Q. You were right though.
A. Well, I don't know about that. (laughs) You soon get that kicked out of you (laughs) I just thought I was great, then I realised that I was pretty mediocre but had some talent in there somewhere.
Q. Were you a fan of ABBA when you were younger?
A. I do remember ABBA, I remember their great success very well. The hits kept coming and coming, and they were invincible. They were a great source of humour and parody and ridicules with their silly costumes and their capes, and boots... But they were in the same boat as everyone else style-wise at that time. Marc Bolan was equally as mad and crazy with the clothes. ABBA's music had heart and they wrote great truthfulness.
Q. What was your first meeting with Benny and Björn like?
A. They couldn't have been more gracious and welcoming, and more cool, hip and iconic. Charming, beautiful guys. It helped enormously with my fear and anxiety when I looked over at Colin Firth and then Stellan Skarsgård looking terrified. The three of us were like deer in the headlights. Three thespians about to sing ABBA...
Q. If you were to divide your life into phases, which phase would you say you're at now?
A. I think I'm just half way through the second act, aren't I? Please. Is this the second act? We have a long time to go, surely? I'm only 54 now.
Q. How do you keep so fit?
A. I have kids (laughs) I have a 7 year old and an 11 year old. I surf everyday, I live in Hawaii these days.
Q. Why did you move to Hawaii?
A. Just to get away. I'd like to be there when I enter the third act, you know. Perhaps then I can say 'now, lets get on with some painting and gardening'. My wife is a gardener and she's created the most beautiful garden for us. I like to paint and my life is so rich. Hawaii is like Ireland with the heat turned up.
Q. You're very committed to environmental issues, can you tell us something about that commitment?
A. I think we're all involved now. We're all in the same boat, because we're all on the same planet. If there's any mantra to be had or any meaningfulness to be gained from that work for ones children and ones children's children to have clean air and clean water We need to save this planet from haemorrhaging in order to have a sustainable future. Instead of just sitting around and wondering what to do or how to do it, I suggest that you get connected, switched on and start in your own backyard. Try to take care of something in your community that could help your community to build something that protects this earth, the beauty of this earth.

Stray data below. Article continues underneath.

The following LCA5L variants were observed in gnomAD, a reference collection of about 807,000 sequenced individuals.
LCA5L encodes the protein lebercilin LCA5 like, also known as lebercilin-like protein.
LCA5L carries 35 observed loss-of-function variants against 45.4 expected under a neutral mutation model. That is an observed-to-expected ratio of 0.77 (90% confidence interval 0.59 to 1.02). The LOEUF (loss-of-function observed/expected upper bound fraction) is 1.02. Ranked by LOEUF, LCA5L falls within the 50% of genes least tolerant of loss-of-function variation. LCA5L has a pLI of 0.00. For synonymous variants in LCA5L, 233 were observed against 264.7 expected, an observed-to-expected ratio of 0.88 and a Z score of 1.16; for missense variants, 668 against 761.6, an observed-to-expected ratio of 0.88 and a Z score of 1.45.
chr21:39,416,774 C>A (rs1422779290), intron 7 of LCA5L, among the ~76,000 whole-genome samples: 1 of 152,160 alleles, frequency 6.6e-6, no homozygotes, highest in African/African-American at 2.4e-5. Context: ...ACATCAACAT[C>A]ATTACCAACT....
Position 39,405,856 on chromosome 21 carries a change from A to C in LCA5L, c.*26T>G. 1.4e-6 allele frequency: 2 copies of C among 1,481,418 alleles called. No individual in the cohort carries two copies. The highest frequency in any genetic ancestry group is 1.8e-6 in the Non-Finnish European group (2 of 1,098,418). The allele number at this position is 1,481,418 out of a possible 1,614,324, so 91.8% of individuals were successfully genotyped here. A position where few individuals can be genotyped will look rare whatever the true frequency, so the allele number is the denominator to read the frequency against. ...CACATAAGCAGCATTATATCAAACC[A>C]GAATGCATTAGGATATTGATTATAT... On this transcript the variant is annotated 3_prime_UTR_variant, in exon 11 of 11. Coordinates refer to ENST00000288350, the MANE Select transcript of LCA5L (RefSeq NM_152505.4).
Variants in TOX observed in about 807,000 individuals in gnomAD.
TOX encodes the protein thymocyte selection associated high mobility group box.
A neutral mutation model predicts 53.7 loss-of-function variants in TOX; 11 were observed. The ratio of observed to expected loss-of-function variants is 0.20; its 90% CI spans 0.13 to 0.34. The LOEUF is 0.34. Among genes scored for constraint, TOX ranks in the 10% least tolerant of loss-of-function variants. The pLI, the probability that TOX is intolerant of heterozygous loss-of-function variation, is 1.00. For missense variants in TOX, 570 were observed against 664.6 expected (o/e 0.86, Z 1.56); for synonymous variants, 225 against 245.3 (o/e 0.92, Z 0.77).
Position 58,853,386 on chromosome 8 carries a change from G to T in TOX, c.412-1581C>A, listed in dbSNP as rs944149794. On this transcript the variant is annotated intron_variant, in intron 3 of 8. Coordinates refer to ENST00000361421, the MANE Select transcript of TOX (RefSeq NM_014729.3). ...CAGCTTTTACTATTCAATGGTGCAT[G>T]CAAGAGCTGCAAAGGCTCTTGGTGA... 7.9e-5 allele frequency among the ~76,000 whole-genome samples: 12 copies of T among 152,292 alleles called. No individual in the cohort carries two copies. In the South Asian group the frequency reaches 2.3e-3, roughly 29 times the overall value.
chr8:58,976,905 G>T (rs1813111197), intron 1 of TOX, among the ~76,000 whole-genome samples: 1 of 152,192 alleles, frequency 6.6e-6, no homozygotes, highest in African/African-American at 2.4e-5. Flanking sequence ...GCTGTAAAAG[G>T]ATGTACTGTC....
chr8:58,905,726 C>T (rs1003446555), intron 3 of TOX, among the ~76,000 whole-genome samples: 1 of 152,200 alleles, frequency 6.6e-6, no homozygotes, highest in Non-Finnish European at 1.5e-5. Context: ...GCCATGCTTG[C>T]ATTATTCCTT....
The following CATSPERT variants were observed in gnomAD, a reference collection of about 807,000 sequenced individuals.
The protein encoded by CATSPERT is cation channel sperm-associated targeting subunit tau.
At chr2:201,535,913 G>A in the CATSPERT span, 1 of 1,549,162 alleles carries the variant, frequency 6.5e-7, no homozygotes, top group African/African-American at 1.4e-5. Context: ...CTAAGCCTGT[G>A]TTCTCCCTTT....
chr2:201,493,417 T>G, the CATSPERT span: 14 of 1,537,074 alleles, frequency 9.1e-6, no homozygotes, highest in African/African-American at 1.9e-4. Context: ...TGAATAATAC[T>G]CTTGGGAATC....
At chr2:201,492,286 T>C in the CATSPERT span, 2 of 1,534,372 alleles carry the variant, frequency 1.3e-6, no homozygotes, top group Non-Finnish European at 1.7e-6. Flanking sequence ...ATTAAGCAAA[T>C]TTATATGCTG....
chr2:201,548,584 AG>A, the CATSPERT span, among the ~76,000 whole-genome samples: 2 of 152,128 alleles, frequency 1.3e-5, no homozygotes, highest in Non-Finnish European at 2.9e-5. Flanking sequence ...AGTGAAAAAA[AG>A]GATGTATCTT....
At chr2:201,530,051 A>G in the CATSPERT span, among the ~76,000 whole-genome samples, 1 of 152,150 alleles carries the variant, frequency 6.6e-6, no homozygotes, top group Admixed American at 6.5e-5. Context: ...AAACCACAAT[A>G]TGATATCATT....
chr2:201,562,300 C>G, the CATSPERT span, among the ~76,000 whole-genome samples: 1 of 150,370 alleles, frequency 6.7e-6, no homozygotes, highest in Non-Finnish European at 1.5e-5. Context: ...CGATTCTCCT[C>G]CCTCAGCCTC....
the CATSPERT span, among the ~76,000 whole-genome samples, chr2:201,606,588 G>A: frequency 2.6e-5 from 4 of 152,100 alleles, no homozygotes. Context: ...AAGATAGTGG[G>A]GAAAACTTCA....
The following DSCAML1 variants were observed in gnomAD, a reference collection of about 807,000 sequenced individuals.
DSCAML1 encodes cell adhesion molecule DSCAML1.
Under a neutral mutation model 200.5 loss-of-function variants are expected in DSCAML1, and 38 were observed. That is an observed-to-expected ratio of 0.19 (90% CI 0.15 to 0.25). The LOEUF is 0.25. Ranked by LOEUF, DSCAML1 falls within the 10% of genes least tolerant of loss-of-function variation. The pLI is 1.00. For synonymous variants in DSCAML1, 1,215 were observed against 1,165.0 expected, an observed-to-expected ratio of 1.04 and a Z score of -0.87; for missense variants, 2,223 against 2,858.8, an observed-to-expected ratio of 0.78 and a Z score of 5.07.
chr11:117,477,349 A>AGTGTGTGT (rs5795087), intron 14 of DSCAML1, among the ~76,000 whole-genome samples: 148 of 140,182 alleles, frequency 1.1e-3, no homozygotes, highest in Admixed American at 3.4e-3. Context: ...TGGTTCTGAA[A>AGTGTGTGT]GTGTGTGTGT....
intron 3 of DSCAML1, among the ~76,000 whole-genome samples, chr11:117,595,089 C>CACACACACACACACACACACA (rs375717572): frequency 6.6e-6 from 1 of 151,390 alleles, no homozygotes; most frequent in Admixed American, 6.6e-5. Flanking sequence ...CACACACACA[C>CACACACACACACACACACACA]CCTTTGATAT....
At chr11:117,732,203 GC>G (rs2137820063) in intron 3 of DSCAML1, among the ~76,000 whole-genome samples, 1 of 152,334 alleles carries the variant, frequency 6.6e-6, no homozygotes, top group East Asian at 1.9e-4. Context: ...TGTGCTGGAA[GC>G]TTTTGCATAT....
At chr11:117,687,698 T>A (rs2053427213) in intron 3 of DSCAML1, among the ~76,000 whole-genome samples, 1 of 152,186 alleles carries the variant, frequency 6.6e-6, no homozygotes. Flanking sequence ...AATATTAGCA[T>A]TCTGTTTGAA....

Q. Do you grow your own vegetables in your garden?
A. We do a few. Where we are everyone is a gardener really. We have fruit trees; bananas and papayas.
Q. Different from Ireland?
A. Yes (laughs) it’s very different from Ireland.
Q. Don't you miss a pint of Guinness?
A. I get it from the factory. The send it to me! (huge smile)
Q. Is it correct that you're an American citizen now?
A. I had to be. I had to have a voice. With the lunacy of Bush and his regime. Living with that for four years and seeing the debacle that happened between him and Al Gore. It was shocking blow and I'd been there for many years and so I wanted to become an American citizen, America had been good to me, and I had American sons, an American wife and an American life. It's my home, so before the last election I became an American citizen so that I could vote.
Q. Who do you want to become the next president of the USA?
A. Barrack would be a magnificent leader. The dignity is still there in the people, but spiritually it's been adrift. This war has been terrible and sad. But as we've seen in history books, the pendulum swings backwards and forwards and what we are seeing now is the kind of darkness before the light. I think that when the democrats get back in power, and I strongly believe they will, I think there will be new friendships made globally.